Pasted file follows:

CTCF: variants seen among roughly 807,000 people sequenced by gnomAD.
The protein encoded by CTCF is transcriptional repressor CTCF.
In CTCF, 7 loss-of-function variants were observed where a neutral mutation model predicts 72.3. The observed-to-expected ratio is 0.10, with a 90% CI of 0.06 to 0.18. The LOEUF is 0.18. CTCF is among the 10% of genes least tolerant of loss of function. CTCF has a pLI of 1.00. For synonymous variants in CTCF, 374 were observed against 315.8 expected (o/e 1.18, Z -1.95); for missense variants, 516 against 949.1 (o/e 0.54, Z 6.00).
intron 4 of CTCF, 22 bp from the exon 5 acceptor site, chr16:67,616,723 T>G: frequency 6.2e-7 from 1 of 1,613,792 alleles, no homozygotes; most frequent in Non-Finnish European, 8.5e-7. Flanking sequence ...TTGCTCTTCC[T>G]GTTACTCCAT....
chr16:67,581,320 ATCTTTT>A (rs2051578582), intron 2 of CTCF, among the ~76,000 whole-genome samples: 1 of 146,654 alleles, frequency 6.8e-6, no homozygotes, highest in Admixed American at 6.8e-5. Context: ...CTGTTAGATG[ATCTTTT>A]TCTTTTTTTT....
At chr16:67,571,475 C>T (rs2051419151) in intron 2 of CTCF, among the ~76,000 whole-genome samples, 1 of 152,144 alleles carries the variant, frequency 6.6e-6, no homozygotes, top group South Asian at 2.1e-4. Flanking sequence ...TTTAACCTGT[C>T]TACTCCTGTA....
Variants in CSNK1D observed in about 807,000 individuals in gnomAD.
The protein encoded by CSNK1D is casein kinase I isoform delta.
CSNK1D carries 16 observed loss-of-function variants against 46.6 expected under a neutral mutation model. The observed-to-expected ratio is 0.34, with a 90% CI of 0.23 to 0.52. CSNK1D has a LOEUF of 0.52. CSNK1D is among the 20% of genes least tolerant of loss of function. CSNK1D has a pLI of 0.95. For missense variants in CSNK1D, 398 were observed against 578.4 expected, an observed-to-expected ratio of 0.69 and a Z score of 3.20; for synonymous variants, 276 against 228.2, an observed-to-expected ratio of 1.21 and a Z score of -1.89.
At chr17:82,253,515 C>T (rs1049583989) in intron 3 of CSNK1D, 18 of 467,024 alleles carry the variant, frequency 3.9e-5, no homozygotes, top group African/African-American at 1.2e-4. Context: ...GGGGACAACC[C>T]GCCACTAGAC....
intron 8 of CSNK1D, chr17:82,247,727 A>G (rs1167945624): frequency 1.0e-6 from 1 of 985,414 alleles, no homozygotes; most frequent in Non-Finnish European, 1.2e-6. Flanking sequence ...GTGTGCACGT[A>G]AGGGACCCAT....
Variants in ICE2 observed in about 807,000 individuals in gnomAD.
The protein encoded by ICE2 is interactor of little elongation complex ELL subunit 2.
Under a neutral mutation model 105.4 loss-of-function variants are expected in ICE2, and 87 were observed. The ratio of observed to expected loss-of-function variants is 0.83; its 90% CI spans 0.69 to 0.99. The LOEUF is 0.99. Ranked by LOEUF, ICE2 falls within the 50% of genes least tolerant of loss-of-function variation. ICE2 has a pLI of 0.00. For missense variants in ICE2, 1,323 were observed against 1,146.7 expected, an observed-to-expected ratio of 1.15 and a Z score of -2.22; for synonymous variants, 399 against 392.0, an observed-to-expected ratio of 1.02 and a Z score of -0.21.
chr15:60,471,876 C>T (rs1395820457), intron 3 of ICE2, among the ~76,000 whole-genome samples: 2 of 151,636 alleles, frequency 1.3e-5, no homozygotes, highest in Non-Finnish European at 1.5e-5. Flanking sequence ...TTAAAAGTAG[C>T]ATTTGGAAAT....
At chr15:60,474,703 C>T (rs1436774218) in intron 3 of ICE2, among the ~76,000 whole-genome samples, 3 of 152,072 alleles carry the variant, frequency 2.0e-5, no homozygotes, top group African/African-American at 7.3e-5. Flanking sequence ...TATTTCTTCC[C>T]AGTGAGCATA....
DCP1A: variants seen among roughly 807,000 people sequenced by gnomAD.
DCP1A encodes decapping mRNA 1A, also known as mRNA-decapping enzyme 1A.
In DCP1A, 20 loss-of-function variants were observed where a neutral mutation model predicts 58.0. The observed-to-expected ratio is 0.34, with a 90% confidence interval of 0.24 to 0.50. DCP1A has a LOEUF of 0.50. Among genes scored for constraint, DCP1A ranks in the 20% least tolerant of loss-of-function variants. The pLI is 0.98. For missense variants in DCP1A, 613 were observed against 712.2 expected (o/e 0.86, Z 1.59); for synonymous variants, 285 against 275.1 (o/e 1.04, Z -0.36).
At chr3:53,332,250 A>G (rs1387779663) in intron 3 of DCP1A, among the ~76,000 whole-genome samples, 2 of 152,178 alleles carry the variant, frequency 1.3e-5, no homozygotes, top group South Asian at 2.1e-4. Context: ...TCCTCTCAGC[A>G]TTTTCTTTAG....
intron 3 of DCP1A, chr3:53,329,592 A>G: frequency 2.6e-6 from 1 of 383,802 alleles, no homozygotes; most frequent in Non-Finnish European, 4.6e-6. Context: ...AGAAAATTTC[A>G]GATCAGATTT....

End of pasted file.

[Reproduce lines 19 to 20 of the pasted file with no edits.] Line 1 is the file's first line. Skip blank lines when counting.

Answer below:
In DCP1A, 20 loss-of-function variants were observed where a neutral mutation model predicts 58.0. The observed-to-expected ratio is 0.34, with a 90% confidence interval of 0.24 to 0.50. DCP1A has a LOEUF of 0.50. Among genes scored for constraint, DCP1A ranks in the 20% least tolerant of loss-of-function variants. The pLI is 0.98. For missense variants in DCP1A, 613 were observed against 712.2 expected (o/e 0.86, Z 1.59); for synonymous variants, 285 against 275.1 (o/e 1.04, Z -0.36).
At chr3:53,332,250 A>G (rs1387779663) in intron 3 of DCP1A, among the ~76,000 whole-genome samples, 2 of 152,178 alleles carry the variant, frequency 1.3e-5, no homozygotes, top group South Asian at 2.1e-4. Context: ...TCCTCTCAGC[A>G]TTTTCTTTAG....